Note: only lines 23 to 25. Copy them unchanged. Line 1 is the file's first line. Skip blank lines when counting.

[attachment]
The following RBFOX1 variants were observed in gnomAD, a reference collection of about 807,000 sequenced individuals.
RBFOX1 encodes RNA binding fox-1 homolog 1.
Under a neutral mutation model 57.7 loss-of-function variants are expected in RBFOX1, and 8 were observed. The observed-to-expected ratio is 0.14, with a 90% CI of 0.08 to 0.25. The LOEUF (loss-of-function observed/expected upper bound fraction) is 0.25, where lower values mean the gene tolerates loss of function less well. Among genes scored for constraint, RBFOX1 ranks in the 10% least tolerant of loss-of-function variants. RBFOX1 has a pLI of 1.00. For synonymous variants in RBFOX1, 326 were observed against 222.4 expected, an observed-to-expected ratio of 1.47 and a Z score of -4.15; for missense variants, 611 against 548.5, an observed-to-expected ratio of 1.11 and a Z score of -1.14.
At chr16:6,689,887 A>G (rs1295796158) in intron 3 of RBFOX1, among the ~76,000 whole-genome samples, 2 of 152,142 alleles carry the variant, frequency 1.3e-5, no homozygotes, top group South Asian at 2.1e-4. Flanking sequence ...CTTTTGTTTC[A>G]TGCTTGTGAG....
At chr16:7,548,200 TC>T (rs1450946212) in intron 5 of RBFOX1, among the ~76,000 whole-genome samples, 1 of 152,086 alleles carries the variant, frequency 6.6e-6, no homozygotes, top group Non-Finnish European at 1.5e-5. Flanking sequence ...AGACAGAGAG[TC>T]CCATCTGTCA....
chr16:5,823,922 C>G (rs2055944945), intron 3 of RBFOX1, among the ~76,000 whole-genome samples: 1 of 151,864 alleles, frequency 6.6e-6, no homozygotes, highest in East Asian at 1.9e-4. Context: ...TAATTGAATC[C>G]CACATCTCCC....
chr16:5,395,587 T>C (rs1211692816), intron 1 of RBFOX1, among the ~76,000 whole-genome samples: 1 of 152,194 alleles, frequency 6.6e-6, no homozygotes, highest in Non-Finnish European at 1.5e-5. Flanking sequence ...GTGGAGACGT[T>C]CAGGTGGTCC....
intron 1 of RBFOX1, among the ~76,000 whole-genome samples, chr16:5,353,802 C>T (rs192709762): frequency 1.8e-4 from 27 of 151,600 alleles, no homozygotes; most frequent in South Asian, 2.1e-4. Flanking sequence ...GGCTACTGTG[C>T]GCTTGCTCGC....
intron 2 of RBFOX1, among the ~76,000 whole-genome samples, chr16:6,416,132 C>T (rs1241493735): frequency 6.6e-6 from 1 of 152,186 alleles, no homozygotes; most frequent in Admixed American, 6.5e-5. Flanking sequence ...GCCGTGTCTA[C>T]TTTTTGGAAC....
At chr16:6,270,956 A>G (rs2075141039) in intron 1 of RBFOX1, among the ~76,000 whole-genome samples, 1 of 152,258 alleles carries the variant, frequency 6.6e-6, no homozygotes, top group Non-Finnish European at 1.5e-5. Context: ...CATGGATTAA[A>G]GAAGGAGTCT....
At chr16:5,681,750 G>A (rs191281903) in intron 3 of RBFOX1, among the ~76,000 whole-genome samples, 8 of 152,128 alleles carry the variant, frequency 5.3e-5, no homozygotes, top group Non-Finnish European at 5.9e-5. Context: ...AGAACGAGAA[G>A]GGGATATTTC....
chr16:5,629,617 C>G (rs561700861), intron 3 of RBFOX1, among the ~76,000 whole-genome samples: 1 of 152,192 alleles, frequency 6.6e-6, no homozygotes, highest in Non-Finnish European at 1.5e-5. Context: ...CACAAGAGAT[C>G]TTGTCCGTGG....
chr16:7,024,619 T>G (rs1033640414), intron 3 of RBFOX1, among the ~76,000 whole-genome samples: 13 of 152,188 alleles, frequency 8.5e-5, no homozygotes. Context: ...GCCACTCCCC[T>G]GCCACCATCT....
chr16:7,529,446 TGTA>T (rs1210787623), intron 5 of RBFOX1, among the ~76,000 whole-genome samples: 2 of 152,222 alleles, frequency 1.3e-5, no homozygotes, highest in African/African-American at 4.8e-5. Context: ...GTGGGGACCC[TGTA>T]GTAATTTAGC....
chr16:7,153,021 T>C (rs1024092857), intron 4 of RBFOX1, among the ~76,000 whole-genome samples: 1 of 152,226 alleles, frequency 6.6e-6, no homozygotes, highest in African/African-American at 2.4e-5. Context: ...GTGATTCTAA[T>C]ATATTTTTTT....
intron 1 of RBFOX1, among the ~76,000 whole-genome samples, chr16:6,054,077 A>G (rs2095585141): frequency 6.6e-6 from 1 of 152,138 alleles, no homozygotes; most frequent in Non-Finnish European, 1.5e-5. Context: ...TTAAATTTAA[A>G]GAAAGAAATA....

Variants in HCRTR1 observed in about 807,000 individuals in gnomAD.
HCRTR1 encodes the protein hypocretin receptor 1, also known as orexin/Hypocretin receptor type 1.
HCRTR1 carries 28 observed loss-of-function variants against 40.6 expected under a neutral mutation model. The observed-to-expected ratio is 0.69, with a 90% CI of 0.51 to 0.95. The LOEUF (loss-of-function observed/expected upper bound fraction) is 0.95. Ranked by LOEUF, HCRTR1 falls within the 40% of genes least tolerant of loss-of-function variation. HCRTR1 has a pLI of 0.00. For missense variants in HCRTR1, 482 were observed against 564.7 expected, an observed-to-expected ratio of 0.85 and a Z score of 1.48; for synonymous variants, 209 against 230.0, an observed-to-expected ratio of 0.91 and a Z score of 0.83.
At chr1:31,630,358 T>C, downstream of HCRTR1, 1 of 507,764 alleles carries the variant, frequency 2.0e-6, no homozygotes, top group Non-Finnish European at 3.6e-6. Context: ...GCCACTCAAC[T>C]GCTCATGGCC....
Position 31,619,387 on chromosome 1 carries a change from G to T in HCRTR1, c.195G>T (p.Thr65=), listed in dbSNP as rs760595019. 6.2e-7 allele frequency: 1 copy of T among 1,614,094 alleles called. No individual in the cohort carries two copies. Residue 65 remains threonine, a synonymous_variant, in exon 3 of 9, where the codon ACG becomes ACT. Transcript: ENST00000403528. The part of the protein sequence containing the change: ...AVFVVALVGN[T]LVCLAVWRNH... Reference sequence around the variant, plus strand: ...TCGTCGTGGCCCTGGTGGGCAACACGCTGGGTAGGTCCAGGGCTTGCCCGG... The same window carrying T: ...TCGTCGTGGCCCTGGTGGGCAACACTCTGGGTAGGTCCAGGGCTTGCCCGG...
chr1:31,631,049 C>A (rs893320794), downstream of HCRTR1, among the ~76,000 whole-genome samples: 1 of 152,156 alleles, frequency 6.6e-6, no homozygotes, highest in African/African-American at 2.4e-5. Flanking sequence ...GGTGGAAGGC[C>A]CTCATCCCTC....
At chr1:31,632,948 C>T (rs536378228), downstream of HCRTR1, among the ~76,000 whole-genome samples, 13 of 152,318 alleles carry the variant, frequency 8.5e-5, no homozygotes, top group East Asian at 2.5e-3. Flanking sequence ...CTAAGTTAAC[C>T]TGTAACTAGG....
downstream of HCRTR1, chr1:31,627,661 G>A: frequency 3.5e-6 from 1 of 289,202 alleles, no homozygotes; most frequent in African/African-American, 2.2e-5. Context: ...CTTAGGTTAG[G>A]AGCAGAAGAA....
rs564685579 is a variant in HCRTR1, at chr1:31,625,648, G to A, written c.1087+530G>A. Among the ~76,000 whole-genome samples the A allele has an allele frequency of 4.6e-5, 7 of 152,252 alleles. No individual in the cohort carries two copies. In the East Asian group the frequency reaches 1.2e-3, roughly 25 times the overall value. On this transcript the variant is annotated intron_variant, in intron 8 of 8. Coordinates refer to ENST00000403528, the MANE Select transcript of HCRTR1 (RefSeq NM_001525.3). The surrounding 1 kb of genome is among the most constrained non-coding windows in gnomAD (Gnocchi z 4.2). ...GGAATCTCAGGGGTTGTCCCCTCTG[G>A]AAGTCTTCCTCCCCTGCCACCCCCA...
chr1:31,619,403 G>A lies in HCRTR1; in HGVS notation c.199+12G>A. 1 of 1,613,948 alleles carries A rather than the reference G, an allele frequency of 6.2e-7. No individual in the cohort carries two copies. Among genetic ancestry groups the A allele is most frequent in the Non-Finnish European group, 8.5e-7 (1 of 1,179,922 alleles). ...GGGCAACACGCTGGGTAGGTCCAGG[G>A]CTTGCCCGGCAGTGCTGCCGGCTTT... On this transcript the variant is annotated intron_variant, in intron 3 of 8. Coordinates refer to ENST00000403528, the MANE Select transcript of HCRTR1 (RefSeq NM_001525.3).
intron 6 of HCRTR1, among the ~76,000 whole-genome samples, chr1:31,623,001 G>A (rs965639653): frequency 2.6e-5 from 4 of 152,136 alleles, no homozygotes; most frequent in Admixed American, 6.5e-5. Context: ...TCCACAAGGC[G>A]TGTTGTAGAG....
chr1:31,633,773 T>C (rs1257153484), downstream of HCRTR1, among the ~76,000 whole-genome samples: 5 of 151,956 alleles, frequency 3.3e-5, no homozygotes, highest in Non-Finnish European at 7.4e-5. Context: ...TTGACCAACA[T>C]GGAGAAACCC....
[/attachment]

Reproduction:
At chr1:31,632,948 C>T (rs536378228), downstream of HCRTR1, among the ~76,000 whole-genome samples, 13 of 152,318 alleles carry the variant, frequency 8.5e-5, no homozygotes, top group East Asian at 2.5e-3. Flanking sequence ...CTAAGTTAAC[C>T]TGTAACTAGG....
downstream of HCRTR1, chr1:31,627,661 G>A: frequency 3.5e-6 from 1 of 289,202 alleles, no homozygotes; most frequent in African/African-American, 2.2e-5. Context: ...CTTAGGTTAG[G>A]AGCAGAAGAA....
rs564685579 is a variant in HCRTR1, at chr1:31,625,648, G to A, written c.1087+530G>A. Among the ~76,000 whole-genome samples the A allele has an allele frequency of 4.6e-5, 7 of 152,252 alleles. No individual in the cohort carries two copies. In the East Asian group the frequency reaches 1.2e-3, roughly 25 times the overall value. On this transcript the variant is annotated intron_variant, in intron 8 of 8. Coordinates refer to ENST00000403528, the MANE Select transcript of HCRTR1 (RefSeq NM_001525.3). The surrounding 1 kb of genome is among the most constrained non-coding windows in gnomAD (Gnocchi z 4.2). ...GGAATCTCAGGGGTTGTCCCCTCTG[G>A]AAGTCTTCCTCCCCTGCCACCCCCA...